IDB Lab analyzes the mental health of the Latin American startup ecosystem: severe burnout in 3 out of 10 entrepreneurs

The finding is part of his publication “The Invisible Factor”, an exploratory study based on interviews with a diverse group of founders, to understand and make visible the situation of well-being and mental health in the high-impact entrepreneurial ecosystem.

Becoming a high-impact entrepreneur in Latin America demands great sacrifices. For the IDB Lab, being one is similar to high-performance athletes, in the magnitude of the challenges they face, as well as in the abilities and skills, in a certain way understood as extraordinary, that they must display.

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The outstanding growth of the ecosystem in the region (in 2021 it received record financing of US$19.5 billion) has generated an environment of high tension and uncertainty among entrepreneurs to be able to maintain or grow their initiatives without neglecting the work commitment with their teams, explains the study. “The fact that this personal challenge often seems invisible and is usually faced alone, due to stigma or prejudice, makes the sector much more prone to suffering well-being and mental health ailmentssuch as states of anxiety, fatigue, depression or general exhaustion (burnout syndrome), compared to the general population”, he adds.

For the innovation laboratory, these high-impact ventures are an essential part of the dynamic economies of our countries. “However, in many cases, these entrepreneurs face very particular circumstances and challenges in the region. Added to the daily pressures associated with financial, operational or sustainability factors are highly changing political, economic and social well as recently the harsh impacts of COVID-19, which demonstrated the need and relevance of making visible and addressing the issue of well-being and mental health, a topic that has been absent from the public agenda in Latin America and the Caribbean for a long time.”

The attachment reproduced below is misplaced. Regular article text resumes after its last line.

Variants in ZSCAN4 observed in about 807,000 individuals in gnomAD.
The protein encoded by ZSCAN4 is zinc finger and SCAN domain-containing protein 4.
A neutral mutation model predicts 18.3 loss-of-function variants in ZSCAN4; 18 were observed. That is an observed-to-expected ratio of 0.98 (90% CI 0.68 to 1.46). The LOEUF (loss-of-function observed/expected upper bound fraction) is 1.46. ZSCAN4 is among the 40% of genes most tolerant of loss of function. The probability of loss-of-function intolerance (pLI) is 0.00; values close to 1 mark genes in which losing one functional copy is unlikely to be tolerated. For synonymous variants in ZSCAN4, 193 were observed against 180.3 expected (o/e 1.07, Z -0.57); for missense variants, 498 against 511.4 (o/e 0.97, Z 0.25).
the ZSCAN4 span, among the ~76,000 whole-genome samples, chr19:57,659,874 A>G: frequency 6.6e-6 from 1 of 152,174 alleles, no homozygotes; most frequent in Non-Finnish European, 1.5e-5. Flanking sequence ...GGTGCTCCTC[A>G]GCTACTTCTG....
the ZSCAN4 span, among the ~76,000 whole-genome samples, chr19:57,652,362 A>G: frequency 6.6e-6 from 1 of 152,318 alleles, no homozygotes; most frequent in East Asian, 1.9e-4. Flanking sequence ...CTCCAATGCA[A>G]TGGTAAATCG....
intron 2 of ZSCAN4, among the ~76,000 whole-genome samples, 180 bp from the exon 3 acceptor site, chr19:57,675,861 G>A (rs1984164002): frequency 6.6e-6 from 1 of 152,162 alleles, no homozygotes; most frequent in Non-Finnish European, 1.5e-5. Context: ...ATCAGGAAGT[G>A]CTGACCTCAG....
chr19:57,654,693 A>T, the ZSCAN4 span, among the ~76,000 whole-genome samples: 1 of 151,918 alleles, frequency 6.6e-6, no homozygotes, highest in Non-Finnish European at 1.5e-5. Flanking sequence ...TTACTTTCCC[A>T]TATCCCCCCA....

In order to review the current situation, the IDB Lab conducted an exploratory study, between October and December 2022, using quantitative and qualitative methodologies and identified a sample of 400 high-impact entrepreneurs who could represent the diversity of the regional ecosystem to reflect what potentially affects a greater part of the ecosystem.

As a general finding in this research exercise, the IDB Lab confirmed that “a current situation is reflected in high-impact entrepreneurs in the region that would be generating an affectation related to their psychological and subjective well-being, showing differentiated levels in terms of psychological discomfort, burnout symptoms and satisfaction with their endeavors”.

In Tekios We show these indicators and findings and reproduce the mapping of the initiatives (organizations and startups) that have been created in the region to attack this problem.


A 2022 study on burnout by the Betterfly company, which surveyed 4,000 workers in the region in seven countries (Argentina, Brazil, Colombia, Chile, Ecuador, Mexico and Peru, plus Spain), showed that 54% of employees suffer from job burnout and that this is having different impacts on their lives.

Speaking specifically of the world of entrepreneurship, a study carried out by Ute Stephan, a researcher at King’s College (2018), on the mental health and well-being of entrepreneurs, discusses how entrepreneurs face extreme working conditions, in which the high levels of uncertainty, responsibility and complexity end up being very important stressors, along with time pressures and very long working hours. Entrepreneurs often experience these job characteristics as overwhelming and value them as threatening.

By trying to be more stress resistant to achieve their goals and high impact results, the people in charge of the initiatives can in many cases enter a complex cycle of pressures related to the high standards that are demanded of them in many cases by shareholders, investors , incubators or accelerators, as external actors interested in the success of the venture; they frequently end up assuming very high costs in terms of mental health and personal well-being, says the same study by Stephan that cites the IDB Lab publication.

From the well-being approach, the study shows that 64% of the participating high-impact entrepreneurs have moderate levels of burnout; 20% have clear symptoms of severe burnout and 3 out of 10 entrepreneurs show symptoms of psychological discomfort.